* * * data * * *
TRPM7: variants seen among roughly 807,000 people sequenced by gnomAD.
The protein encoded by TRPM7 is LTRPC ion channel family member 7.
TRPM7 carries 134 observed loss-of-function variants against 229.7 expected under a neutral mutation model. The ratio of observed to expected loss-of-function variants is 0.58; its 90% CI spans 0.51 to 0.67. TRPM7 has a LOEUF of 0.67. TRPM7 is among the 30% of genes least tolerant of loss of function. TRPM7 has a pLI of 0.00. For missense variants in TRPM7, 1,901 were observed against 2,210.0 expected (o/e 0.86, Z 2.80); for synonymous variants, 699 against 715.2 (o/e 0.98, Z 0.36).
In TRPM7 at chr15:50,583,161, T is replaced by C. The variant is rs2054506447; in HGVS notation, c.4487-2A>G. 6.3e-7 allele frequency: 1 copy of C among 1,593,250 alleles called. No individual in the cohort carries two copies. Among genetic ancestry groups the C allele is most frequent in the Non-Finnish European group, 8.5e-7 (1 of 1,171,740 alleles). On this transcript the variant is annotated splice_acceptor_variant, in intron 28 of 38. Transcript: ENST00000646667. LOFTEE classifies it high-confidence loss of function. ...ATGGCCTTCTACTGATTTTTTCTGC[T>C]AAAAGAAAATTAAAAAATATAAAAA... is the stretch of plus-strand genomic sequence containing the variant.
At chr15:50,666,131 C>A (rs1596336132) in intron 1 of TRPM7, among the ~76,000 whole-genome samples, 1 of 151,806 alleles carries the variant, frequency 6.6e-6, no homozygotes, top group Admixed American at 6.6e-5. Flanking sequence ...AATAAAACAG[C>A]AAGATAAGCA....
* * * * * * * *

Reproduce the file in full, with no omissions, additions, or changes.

TRPM7: variants seen among roughly 807,000 people sequenced by gnomAD.
The protein encoded by TRPM7 is LTRPC ion channel family member 7.
TRPM7 carries 134 observed loss-of-function variants against 229.7 expected under a neutral mutation model. The ratio of observed to expected loss-of-function variants is 0.58; its 90% CI spans 0.51 to 0.67. TRPM7 has a LOEUF of 0.67. TRPM7 is among the 30% of genes least tolerant of loss of function. TRPM7 has a pLI of 0.00. For missense variants in TRPM7, 1,901 were observed against 2,210.0 expected (o/e 0.86, Z 2.80); for synonymous variants, 699 against 715.2 (o/e 0.98, Z 0.36).
In TRPM7 at chr15:50,583,161, T is replaced by C. The variant is rs2054506447; in HGVS notation, c.4487-2A>G. 6.3e-7 allele frequency: 1 copy of C among 1,593,250 alleles called. No individual in the cohort carries two copies. Among genetic ancestry groups the C allele is most frequent in the Non-Finnish European group, 8.5e-7 (1 of 1,171,740 alleles). On this transcript the variant is annotated splice_acceptor_variant, in intron 28 of 38. Transcript: ENST00000646667. LOFTEE classifies it high-confidence loss of function. ...ATGGCCTTCTACTGATTTTTTCTGC[T>C]AAAAGAAAATTAAAAAATATAAAAA... is the stretch of plus-strand genomic sequence containing the variant.
At chr15:50,666,131 C>A (rs1596336132) in intron 1 of TRPM7, among the ~76,000 whole-genome samples, 1 of 151,806 alleles carries the variant, frequency 6.6e-6, no homozygotes, top group Admixed American at 6.6e-5. Flanking sequence ...AATAAAACAG[C>A]AAGATAAGCA....